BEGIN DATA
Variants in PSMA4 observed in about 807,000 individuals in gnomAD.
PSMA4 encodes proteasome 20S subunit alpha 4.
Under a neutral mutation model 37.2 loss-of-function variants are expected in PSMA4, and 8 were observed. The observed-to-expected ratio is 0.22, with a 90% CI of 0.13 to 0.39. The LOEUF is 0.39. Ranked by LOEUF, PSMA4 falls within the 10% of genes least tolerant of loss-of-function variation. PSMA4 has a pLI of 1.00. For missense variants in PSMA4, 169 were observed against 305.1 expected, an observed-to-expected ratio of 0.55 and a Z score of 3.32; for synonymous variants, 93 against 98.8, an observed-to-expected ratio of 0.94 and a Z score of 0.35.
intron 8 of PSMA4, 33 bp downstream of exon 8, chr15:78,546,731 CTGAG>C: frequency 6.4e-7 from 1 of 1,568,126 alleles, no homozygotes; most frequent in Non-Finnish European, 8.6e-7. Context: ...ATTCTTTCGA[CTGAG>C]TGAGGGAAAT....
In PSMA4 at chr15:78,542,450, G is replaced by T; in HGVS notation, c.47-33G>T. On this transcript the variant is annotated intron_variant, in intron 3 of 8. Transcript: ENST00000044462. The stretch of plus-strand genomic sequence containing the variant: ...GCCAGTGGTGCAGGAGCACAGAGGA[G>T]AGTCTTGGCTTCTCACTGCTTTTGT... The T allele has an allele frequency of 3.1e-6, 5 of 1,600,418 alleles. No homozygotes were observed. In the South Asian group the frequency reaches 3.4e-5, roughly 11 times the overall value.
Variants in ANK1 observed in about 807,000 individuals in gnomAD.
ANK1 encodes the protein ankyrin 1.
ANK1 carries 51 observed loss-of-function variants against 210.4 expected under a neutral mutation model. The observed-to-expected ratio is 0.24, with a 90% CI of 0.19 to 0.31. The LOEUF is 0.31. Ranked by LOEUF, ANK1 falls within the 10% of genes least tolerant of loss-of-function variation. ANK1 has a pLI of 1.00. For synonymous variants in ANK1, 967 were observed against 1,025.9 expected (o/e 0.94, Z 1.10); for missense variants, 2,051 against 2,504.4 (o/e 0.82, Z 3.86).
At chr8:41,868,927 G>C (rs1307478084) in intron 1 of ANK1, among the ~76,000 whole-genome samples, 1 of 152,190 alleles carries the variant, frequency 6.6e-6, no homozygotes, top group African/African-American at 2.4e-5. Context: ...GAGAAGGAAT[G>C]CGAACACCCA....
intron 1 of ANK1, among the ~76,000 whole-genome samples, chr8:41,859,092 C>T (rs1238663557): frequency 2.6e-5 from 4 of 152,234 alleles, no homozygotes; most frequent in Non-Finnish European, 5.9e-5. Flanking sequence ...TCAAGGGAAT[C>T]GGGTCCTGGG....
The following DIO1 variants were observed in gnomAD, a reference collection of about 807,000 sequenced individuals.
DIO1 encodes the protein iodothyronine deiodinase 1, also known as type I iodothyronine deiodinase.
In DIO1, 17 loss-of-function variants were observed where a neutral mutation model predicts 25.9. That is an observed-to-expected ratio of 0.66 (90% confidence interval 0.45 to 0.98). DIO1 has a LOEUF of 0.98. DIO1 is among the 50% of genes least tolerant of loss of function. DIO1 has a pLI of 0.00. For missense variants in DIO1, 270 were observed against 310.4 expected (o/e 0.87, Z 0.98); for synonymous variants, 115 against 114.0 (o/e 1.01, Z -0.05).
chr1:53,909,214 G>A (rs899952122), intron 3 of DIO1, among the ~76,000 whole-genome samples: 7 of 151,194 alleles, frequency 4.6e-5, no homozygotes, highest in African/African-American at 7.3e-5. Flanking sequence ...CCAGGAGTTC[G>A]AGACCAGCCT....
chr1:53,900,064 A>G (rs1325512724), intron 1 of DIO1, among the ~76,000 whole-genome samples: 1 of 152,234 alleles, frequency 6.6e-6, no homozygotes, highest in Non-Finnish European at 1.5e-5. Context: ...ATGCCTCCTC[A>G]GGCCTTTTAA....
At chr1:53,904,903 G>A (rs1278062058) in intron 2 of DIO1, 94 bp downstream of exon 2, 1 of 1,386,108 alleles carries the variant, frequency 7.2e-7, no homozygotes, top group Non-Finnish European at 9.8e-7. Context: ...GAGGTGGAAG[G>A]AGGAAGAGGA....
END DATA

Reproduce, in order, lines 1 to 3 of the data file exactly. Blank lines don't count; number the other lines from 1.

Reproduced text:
Variants in PSMA4 observed in about 807,000 individuals in gnomAD.
PSMA4 encodes proteasome 20S subunit alpha 4.
Under a neutral mutation model 37.2 loss-of-function variants are expected in PSMA4, and 8 were observed. The observed-to-expected ratio is 0.22, with a 90% CI of 0.13 to 0.39. The LOEUF is 0.39. Ranked by LOEUF, PSMA4 falls within the 10% of genes least tolerant of loss-of-function variation. PSMA4 has a pLI of 1.00. For missense variants in PSMA4, 169 were observed against 305.1 expected, an observed-to-expected ratio of 0.55 and a Z score of 3.32; for synonymous variants, 93 against 98.8, an observed-to-expected ratio of 0.94 and a Z score of 0.35.